You are about to erase your work on this activity. Are you sure you want to do this?
Updated Version Available
There is an updated version of this activity. If you update to the most recent version of this activity, then your current progress on this activity will be erased. Regardless, your record of completion will remain. How would you like to proceed?
We establish that a linear transformation of a vector space is completely determined
by its action on a basis.
Note to Student: In this module we will often use , and to denote the domain and
codomain of linear transformations. If you are familiar with abstract vector spaces,
you can regard , and as finite-dimensional vector spaces, otherwise you may think of
, and as subspaces of .
LTR-0025: Linear Transformations and Bases
Recall that a transformation is called a linear transformation if the following are
true for all vectors and in , and scalars .
Suppose we want to define a linear transformation by
Is this information sufficient to define ? To answer this question we will try to
determine what does to an arbitrary vector of .
If is a vector in , then can be uniquely expressed as a linear combination of and
By linearity of we have
This shows that the image of any vector of under is completely determined by the
action of on the standard unit vectors and .
Vectors and form a standard basis of . What if we want to use a different
Let be our basis of choice for . (How would you verify that is a basis of ?) And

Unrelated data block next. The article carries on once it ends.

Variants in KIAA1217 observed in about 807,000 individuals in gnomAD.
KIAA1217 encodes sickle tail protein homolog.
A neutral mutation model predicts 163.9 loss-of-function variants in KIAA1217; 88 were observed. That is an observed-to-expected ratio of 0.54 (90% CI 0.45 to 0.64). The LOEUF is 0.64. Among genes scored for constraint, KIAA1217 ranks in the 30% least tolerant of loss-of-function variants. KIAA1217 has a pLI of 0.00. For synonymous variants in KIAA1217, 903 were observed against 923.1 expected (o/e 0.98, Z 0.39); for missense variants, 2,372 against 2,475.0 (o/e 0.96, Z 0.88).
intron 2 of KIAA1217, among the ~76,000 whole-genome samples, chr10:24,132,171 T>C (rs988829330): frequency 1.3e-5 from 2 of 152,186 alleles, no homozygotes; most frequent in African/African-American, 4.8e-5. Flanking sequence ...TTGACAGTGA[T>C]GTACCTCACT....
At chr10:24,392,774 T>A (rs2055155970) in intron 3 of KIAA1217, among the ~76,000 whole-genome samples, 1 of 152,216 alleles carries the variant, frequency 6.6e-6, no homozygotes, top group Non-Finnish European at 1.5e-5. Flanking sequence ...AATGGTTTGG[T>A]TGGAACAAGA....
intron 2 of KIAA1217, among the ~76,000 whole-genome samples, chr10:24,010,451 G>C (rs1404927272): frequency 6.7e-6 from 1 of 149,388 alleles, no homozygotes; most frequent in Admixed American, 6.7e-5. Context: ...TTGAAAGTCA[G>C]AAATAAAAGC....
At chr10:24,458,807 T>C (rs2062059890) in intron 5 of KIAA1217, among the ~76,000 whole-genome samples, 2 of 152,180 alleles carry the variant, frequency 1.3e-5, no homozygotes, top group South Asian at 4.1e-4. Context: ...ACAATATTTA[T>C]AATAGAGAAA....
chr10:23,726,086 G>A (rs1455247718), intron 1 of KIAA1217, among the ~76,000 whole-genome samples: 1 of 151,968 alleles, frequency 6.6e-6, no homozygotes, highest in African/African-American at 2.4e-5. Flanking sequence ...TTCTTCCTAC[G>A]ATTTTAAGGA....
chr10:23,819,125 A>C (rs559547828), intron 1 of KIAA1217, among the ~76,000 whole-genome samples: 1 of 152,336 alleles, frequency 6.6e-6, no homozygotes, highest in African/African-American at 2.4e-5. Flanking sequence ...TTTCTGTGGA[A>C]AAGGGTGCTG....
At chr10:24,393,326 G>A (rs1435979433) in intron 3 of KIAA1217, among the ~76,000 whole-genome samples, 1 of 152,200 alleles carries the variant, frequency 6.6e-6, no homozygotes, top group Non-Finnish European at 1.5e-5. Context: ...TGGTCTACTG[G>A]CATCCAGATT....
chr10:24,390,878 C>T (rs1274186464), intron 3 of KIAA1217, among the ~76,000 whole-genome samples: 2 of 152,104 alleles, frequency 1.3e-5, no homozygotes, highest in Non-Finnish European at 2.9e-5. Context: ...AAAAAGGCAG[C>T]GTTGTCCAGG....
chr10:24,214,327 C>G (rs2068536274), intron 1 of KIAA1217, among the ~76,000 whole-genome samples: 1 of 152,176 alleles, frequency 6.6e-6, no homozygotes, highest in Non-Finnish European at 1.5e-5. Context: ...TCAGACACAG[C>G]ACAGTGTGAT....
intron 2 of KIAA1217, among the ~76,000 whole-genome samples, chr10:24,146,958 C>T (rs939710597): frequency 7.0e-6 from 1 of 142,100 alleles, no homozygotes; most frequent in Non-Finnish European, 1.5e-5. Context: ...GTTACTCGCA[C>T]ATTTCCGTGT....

suppose we want to define a linear transformation by
Is this enough information to define ?
Because form a basis of , every element of can be written as a unique linear
We can find as follows:
Again, we see how a linear transformation is completely determined by its action on a
Our discussion thus far hinged on the fact that the representation of a vector in
terms of the given basis elements is unique. Imagine what would happen if this were
not the case. In Exploration init:tij, for instance, we might have been able to represent as
and ( or ). This would have potentially resulted in mapping to two different
elements: and , implying that is not even a function. Fortunately, Theorem th:linindbasis of
VSP-0030 assures us that in , vector representation in terms of the elements of a
basis is unique. Theorem th:uniquerep of VSP-0060 generalizes this result to abstract vector
Suppose we want to define a linear transformation . Let be a basis of . To define , it
is sufficient to state the image of each basis vector under . Once the images of the
basis vectors are established, we can determine the images of all vectors of as
Given any vector of , we can uniquely express as a linear combination of .
for some scalar coefficients . We find as follows:
In our final example, we will consider in the context of a basis of the codomain, as
well as a basis of the domain. This will later help us tackle the question
of the matrix of associated with bases other than the standard basis of
Because each of and is linearly independent, let
be bases of and , respectively.
Define a linear transformation by
Verify that is in .
item:subtosub1a We need to express as a linear combination of and . This can be done by
observation or by solving the equation
We find that and , so . Thus is in .
The important observation here is that given a linear transformation defined on the
basis elements of in terms of the basis elements of , we are able to find the image of
any in in terms of the basis elements of . We will visit this idea again in Exploration